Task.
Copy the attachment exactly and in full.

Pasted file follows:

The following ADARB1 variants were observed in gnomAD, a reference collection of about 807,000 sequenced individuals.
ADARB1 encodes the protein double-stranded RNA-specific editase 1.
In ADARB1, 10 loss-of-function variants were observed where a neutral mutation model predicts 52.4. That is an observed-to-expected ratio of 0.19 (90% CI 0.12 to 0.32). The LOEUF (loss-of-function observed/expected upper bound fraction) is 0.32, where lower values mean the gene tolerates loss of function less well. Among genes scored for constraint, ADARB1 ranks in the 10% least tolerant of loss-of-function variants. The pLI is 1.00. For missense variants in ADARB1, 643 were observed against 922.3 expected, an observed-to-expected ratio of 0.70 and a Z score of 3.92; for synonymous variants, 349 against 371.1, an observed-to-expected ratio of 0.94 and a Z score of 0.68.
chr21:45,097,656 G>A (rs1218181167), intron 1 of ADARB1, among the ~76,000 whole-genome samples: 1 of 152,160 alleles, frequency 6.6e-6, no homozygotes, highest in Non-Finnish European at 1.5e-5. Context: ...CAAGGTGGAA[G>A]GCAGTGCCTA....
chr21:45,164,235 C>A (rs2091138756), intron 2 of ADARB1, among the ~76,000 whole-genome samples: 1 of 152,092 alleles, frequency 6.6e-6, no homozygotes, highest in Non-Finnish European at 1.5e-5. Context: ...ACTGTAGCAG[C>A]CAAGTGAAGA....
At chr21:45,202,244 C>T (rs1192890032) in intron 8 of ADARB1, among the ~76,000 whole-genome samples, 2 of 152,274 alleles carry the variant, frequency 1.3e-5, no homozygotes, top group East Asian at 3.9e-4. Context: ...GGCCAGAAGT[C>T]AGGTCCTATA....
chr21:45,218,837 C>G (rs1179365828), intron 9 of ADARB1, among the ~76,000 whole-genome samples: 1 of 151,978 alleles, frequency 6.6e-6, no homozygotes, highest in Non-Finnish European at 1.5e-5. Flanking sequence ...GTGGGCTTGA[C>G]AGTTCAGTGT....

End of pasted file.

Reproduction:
The following ADARB1 variants were observed in gnomAD, a reference collection of about 807,000 sequenced individuals.
ADARB1 encodes the protein double-stranded RNA-specific editase 1.
In ADARB1, 10 loss-of-function variants were observed where a neutral mutation model predicts 52.4. That is an observed-to-expected ratio of 0.19 (90% CI 0.12 to 0.32). The LOEUF (loss-of-function observed/expected upper bound fraction) is 0.32, where lower values mean the gene tolerates loss of function less well. Among genes scored for constraint, ADARB1 ranks in the 10% least tolerant of loss-of-function variants. The pLI is 1.00. For missense variants in ADARB1, 643 were observed against 922.3 expected, an observed-to-expected ratio of 0.70 and a Z score of 3.92; for synonymous variants, 349 against 371.1, an observed-to-expected ratio of 0.94 and a Z score of 0.68.
chr21:45,097,656 G>A (rs1218181167), intron 1 of ADARB1, among the ~76,000 whole-genome samples: 1 of 152,160 alleles, frequency 6.6e-6, no homozygotes, highest in Non-Finnish European at 1.5e-5. Context: ...CAAGGTGGAA[G>A]GCAGTGCCTA....
chr21:45,164,235 C>A (rs2091138756), intron 2 of ADARB1, among the ~76,000 whole-genome samples: 1 of 152,092 alleles, frequency 6.6e-6, no homozygotes, highest in Non-Finnish European at 1.5e-5. Context: ...ACTGTAGCAG[C>A]CAAGTGAAGA....
At chr21:45,202,244 C>T (rs1192890032) in intron 8 of ADARB1, among the ~76,000 whole-genome samples, 2 of 152,274 alleles carry the variant, frequency 1.3e-5, no homozygotes, top group East Asian at 3.9e-4. Context: ...GGCCAGAAGT[C>T]AGGTCCTATA....
chr21:45,218,837 C>G (rs1179365828), intron 9 of ADARB1, among the ~76,000 whole-genome samples: 1 of 151,978 alleles, frequency 6.6e-6, no homozygotes, highest in Non-Finnish European at 1.5e-5. Flanking sequence ...GTGGGCTTGA[C>G]AGTTCAGTGT....